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Emotions are an important part of childhood and a child’s development, but they are often confusing for child and parent alike!

Whether you are attempting to lead an anxious child off to soccer practice for the first time, trying to soothe a frustrated child during a homework meltdown or refereeing an argument between siblings, you have probably found yourself wondering what to do and say during these tense moments!

I want to share with you a strategy, called “Name It To Tame It,” that you can use in the midst of big emotions with your child to help them soothe and regulate when the emotional waves are crashing in.

Before we step into the “how to,” it’s important to pause and reflect on our go-to responses. Often our first reaction to our child’s emotions may be to respond with something along the lines of:

  • “You’re ok, don’t worry about it.”
  • “It’s not scary, you’ll be safe.”
  • “Don’t cry, we’ll fix it.”

Maybe these work some of the time, but maybe you have found that no amount of reassurance or distraction can help your child through some of their biggest emotions.

This is because what children need most in these moments is not distraction or solutions, but rather to feel understood by the important people in their life.

Dan Siegel, author of The Whole Brain Child, developed a strategy for parents to use in the midst of big emotions, called “Name It, to Tame It.”  The idea is to help your child name the overwhelming emotion through words.

This has a “taming” effect, as the child feels heard and understood and is confident that their experience in the world is valued by the people that mean the most to them.

“Name It to Tame It” Examples:

If your child is scared and hiding behind you, you might say:  “Wow, that was so scary! You didn’t like that part of the movie.”

If your child is frustrated and angry during homework time, you might say: “Man this homework is so frustrating! I bet you just want it to be over already!”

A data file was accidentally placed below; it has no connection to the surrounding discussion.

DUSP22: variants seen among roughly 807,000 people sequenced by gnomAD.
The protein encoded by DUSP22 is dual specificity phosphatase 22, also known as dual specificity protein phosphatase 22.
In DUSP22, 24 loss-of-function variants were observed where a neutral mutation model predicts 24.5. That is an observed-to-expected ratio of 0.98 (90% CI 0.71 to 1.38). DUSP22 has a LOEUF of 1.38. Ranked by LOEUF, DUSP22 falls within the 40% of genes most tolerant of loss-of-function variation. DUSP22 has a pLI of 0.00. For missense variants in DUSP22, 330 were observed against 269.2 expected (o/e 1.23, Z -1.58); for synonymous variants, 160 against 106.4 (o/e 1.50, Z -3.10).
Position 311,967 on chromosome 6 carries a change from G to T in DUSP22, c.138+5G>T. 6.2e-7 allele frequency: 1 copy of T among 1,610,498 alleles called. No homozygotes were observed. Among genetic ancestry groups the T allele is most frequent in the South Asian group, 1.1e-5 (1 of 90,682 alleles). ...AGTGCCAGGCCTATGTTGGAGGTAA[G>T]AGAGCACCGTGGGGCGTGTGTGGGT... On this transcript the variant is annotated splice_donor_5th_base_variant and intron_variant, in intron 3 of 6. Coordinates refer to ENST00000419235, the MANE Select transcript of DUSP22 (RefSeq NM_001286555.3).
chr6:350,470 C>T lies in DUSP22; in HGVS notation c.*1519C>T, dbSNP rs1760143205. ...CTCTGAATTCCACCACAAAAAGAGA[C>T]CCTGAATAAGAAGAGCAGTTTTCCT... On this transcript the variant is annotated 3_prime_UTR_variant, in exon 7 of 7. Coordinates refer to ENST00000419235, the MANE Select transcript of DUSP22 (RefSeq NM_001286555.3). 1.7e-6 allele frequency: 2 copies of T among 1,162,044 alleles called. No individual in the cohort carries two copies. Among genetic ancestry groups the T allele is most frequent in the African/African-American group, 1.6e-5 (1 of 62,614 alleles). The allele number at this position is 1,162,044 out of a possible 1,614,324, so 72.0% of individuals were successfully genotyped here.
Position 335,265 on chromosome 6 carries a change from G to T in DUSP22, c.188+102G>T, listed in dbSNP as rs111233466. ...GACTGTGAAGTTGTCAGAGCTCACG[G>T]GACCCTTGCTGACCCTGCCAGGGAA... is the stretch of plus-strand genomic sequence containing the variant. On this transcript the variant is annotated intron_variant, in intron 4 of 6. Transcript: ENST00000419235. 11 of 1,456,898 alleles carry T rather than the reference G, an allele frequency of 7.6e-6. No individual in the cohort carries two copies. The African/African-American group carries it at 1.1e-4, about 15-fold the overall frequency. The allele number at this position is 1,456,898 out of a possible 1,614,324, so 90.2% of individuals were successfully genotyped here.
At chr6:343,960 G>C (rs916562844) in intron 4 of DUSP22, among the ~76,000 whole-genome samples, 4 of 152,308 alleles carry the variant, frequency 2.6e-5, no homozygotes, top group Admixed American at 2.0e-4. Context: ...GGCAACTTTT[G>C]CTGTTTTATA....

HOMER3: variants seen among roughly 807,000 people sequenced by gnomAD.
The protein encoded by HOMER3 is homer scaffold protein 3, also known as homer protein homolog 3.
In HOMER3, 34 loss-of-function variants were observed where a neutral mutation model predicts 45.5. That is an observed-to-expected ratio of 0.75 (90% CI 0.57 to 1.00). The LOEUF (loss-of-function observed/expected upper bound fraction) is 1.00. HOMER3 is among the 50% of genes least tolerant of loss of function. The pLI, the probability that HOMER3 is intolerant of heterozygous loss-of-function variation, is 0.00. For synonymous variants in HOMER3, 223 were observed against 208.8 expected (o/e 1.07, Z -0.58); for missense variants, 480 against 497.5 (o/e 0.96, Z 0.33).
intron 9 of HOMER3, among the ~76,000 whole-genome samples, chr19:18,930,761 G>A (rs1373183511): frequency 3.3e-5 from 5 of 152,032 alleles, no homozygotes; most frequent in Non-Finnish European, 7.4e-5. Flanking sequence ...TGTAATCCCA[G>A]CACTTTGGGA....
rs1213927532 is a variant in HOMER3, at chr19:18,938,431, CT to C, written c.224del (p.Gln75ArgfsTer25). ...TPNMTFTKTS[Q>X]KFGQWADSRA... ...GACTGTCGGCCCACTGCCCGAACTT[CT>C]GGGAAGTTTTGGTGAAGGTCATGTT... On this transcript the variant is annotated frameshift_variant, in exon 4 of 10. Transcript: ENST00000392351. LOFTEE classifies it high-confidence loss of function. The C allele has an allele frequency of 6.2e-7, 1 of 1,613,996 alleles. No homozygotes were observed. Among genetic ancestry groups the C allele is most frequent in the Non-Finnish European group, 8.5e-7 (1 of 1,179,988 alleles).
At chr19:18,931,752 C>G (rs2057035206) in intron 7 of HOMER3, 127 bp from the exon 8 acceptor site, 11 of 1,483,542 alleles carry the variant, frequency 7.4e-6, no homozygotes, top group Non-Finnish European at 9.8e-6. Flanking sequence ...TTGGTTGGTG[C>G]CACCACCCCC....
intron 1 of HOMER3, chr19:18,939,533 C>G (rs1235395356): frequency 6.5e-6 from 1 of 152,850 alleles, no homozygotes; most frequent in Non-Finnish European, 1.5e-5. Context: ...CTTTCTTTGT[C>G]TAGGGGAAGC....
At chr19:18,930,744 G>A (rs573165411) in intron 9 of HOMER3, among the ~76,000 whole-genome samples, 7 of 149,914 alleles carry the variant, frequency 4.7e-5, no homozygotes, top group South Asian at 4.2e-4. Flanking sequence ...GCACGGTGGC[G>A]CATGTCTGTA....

If your child is feeling anxious about a new activity, you might say: “Sounds like you are feeling nervous about soccer practice. Thanks for telling me.”

If your child is feeling sad that their grandparents left today, you might say:  “It’s so hard to say goodbye to Grandma and Grandpa. It’s ok to miss them. I miss them too.”

 

Benefits of “Name It To Tame It”:

  1. Your child feels seen, heard, respected and calmed.

     

  2. Your child learns words for emotions, as well as respectful ways to respond to others’ emotions.

     

  3. After building connection and trust in the relationship, you can help your child move into cooperative problem-solving about the situation.

     

  4. You can support the ongoing development of healthy connections in their growing brain.

Don’t get caught in those emotional waves! If you want to learn more about how to grow as an emotional guide for your child, give me a call today.

Photo by Austin Pacheco on Unsplash

Ally Berttucci

Ally Berttucci

Child & Family Therapist | MA

I work with parents and children to build bridges and lasting connections so that your family can continue to grow, play and explore together.

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